“That’s really cool, wonder what’s in it?”, for the time of year it was we all thought it was too cold for whatever was in there to hatch. So we left it in the kitchen cupboards with other odd curious items that didn’t have a home.

    I’m not clear as exactly how much time had passed between when I got the cocoon and what happened next. But it was one day that we noticed a ton of little white red eyed praying mantis all over our house!

    The moral of the story is: if you don’t want your Mother to get pissed off, take all the cocoons your Grandmother sends you and put them in sealed glass jars.

    Was worth it tho, mantis are more amazing to watch than my Mother having a fit.

  13. hojo says:

    I bought a couple of egg cases at Orchard Supply in Central California and put them on my grandmother’s rose bushes which were suffering from Aphids. They hatched out and ate the aphids (I guess), but they didn’t stick around afterward.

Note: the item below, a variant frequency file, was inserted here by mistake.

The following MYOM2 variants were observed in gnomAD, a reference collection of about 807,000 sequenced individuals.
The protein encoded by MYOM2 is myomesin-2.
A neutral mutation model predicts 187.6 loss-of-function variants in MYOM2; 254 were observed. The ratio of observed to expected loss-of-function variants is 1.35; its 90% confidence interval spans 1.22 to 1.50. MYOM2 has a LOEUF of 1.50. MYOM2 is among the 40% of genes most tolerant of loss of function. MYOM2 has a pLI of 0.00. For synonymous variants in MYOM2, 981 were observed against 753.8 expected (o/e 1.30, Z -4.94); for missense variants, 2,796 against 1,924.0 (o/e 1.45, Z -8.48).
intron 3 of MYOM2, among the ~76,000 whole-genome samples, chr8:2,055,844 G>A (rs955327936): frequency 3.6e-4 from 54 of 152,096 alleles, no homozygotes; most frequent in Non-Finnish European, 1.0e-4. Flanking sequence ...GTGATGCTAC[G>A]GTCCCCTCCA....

I’ve seen mantises, mantids, mantii, mantuzelae whatever… in Eastern Washington.

  14. Jeff says:

    I apologize. I don’t know where I got the faulty plural from, but some google-fu turns up that I’m not the only one. I probably read the wrong version somewhere, and it stuck because of the quirkiness, I guess. I should have doublechecked, before pointing out non-existent errors and name calling. So, the joke’s on me, I guess I am the dumbass/[removed].

    Sorry.

  15. Patti Schiendelman says:

    Thanks, Jeff. That’s very cool of you, I’ve seen people leave much worse comments and they’ve never apologized. :)

Comments are closed.

Tagged
FEEDBACK